Community Art Gallery

Calling All Artists and Art Lovers

There’s an art gallery in Needham, at Christ Episcopal Church that is open to the public and presents work from artists of any age and faith, from novice to seasoned professional.

This is an amazing venue and it is yours at no charge. Share your talent with others and create connections to diverse communities. Solo and group shows are encouraged.

If your art has a price tag, we ask that you give at least 20% of your sales to a charity or cause of your choice, thus raising awareness to the community.  Past donations have gone to, Brain & Behavioral Research Foundation, Every Mother Counts, Community Servings, Kids 4 Peace, Horizons for Homeless Children in Dorchester, Black Feather Horse Rescue, The Haiti Music School,, Silent Spring, and Riverside to name a few. Exhibits change every two to three months.

We are always looking for artists of all abilities and particularly from diverse populations and programs to share their work in our gallery The exhibits are curated by expressive art therapist, Lucy Nims-LaFleche.  If you would like to display your art, whether it be photos, paintings, printing, drawing, or fiber art, please contact Lucy:

The physical gallery is in the church’s Upper Parish Hall at 1132 Highland Avenue and is open to the public Mondays through Fridays from 9:30 AM – 1:30 PM and Sundays from 9 AM – noon.   Please drop by and see beautiful, thought provoking art; it will brighten your day.  Then, spread the word!

A Family Affair

John Heymann, Photography
Belle Brett, Watercolors & Collages
Beth Brett, Fabric Arts
Josephine Brett, Painting, Silkscreen, and Illustration


John Heymann, Photography (husband of Belle Brett)
John began his career in art as an unpaid intern photographer and reporter at the Newton Times. Following this, John held numerous other teaching positions including as a photography instructor at Cambridge Center for Adult Education, where he met his wife, Belle. In 1986, John started his own photography business. Over the next 30 years, he photographed events and carried out editorial assignments for non-profits and corporations. John’s photographs have been published in the New York Times, Boston Globe, Downbeat Magazine, and the Boston Phoenix.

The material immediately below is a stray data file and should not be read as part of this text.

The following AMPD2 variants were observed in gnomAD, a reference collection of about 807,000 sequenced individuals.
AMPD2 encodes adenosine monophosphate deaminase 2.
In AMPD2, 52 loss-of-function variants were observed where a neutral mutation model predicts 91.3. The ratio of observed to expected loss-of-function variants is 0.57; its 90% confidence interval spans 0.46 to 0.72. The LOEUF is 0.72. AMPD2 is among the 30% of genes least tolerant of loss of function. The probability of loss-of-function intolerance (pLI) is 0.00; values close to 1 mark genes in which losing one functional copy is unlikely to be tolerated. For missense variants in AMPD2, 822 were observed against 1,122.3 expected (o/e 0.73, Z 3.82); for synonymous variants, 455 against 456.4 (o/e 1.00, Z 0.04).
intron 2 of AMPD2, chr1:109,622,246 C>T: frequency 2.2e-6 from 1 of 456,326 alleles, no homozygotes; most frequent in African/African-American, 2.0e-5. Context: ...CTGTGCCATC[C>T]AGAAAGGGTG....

Belle Brett, Watercolors and Collages (wife of John Heymann, daughter of Josephine Brett, and sister of Beth Brett)
Belle loved art as a child and spent endless hours making tableaus, designing paper doll clothes, and drawing graphic novels. In her early adult years, while building a career, she took many arts and crafts courses, enjoying each one, particularly the photography course in which she met her future husband, John. As Belle moves toward retirement, she is devoting more time to artmaking, including exhibiting and selling her art. Belle published a novel Gina in the Floating World in 2018 and she maintains the blog, Slow Downsizing, about downsizing. Belle’s art has been accepted into juried shows and she has had her own solo exhibits.

Beth Brett (1945-2003), Fabric Arts (daughter of Josephine Brett and sister of Belle Brett)
Beth graduated with honors in fashion design from Philadelphia’s Moore College of Art. After college, Beth moved to London and began designing clothes for English companies. In 1975, Beth launched her own company, Beth Brett Designs Ltd, which specialized in highly designed and decorative women’s knitwear that were sold across the world. She regularly showed at fashion weeks in New York and Europe. In 1992, Beth and Belle formed the knitwear design agency “Deirdre Clare” selling British knitwear design in swatch formats direct to American manufacturers, such as Donna Karan, Liz Claiborne and Ann Klein. After Beth died of cancer in 2003, Victoria and Albert Museum in London acquired Beth’s business archives and designs.

Josephine Carleton Brett (1908-2000), Painting, Silkscreen, and Illustration (mother of Beth and Belle)
Josephine, the daughter of two Jewish immigrants from Poland and Russia, was born in London. She grew up in London where she received her British Art Teachers’ Diploma and then taught arts and crafts in a variety of settings in England. Josephine was also a freelance illustrator, designing book jackets, advertisements, and gift wrap. In 1950, Josephine, along wither her husband and two young daughters (Beth and Belle), relocated to Pennsylvania where she established the Children’s Creative Arts Studio and began painting again. In 1968, Josephine moved back to London and took up painting, silkscreen, and print production. In 1987, she held a one-person retrospective art show.


We are proud to support Feeding America, the nation’s largest hunger relief organization by donating 30% of all sales from this exhibit to the organization.